Welcome John du Pre Gauntt our newest MediaBizBlogger.
Get ready for those dreaded words coming from the c-suite or boardroom in your media or marketing shop – What's our Cloud Strategy?
You saw that movie in the mid-90s with the Internet. You could throw out a few references to packet switching, DNS or another piece of tortured alphabet to establish Internet bona fides and snag some budget. Times were flush. We were fat, dumb and happy enough to talk about Internet-enabled refrigerators emailing Safeway to deliver more milk.
Not so today with cloud computing. Your management will want to fast-forward through the rosy 2015 scenarios in order to ask in direct business terms how cloud computing is likely to impact media and marketing – today.
You might tell them this:
Cloud computing will flip media and marketing from being a forecast-driven, mass-market business to being a demand-driven, mass-customized business. Basically, the cloud injects true e-commerce into media and marketing. In a cloud-native media world, you can forget about having "viewers" or "listeners" or "readers" or "players." You've now got customers who want their media and marketing their way, on their own turf, when they want it, and on whatever device. You'll deal with them under multiple business models. You'll need to pull in a boatload of 3rd party data and services to help configure a media experience as opposed to simply delivering a network signal, a Web page or an ad to an impression. The cloud is how you migrate to that kind of world.
The inevitable follow-up question will be, how does cloud computing pull this off? For now, stick with video. The cloud does two things to video. First, by being able to place nearly all video production, distribution and monetization processes under an OPEX model rather than CAPEX model, cloud computing pretty much negates the question of who can be a broadcast or HD-quality video network. Don't confuse this with having a YouTube channel. With cloud-based Video-as-a-Service (VaaS), we're talking about being able to encode video into multiple formats, target our distribution, guarantee Quality of Service (QoS), harvest analytics, and embrace different business models. It's YouTube with a realistic business back-end.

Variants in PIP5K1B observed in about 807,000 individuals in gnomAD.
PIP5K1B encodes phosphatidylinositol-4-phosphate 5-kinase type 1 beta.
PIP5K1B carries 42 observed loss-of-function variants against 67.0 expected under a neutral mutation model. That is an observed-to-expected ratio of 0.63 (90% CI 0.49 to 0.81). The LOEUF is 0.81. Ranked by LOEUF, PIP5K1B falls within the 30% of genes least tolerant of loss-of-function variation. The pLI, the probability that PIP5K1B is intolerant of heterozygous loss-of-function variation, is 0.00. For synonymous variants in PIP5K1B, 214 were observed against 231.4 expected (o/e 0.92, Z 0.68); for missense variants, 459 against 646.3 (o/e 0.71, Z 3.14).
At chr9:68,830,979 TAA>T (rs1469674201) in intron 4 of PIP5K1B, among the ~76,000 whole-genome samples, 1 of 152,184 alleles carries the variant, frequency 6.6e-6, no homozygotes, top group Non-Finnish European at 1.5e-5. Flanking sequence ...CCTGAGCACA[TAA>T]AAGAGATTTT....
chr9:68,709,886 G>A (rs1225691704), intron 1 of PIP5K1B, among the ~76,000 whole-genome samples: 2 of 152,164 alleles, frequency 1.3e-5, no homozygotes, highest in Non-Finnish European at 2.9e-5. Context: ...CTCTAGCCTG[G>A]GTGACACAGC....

An OPEX orientation to video is important enough. However, the radical game changer is the cloud's ability to make video act more like software than just a piece of content. By that, I mean that applications will be layered on top or embedded directly with the video content itself. Media providers and advertisers have wanted to make video content "clickable" for a long time. The difference now is that cloud-based media systems make the process far more simple, effective and cheap. For example, Overlay.tv is a Canadian company that allows video producers to introduce annotations, images, widgets and links as a layer on top of digital video. Inside a layer placed on top of a video or still image, there are clickable "targets" that can link out commerce, information and/or educational resources, social network profiles, or even communication functions like chat.
This means that cloud-based video carries with it the embedded ability to transact with the user. You can transact for money, for attention, for ID – basically for anything that makes sense from a social and/or business point-of-view. For marketers, you're able to bake the funnel inside the video experience itself, peeling back layers as needed to move the consumer closer to an event that can be monetized.
Cloud computing is no substitute for a compelling story, with vivid characters and dramatic tension. Cloud computing won't change the need to know who buys, why they buy, or how they buy. However, the cloud changes the context in which media providers and marketers must answer those questions. If you remember that last point, then you're well on the way to a realistic cloud computing strategy.
John du Pre Gauntt is the founder of Media Dojo and is an expert on the business impact of interactive technologies on the media and marketing industries. John can be reached at firstname.lastname@example.org.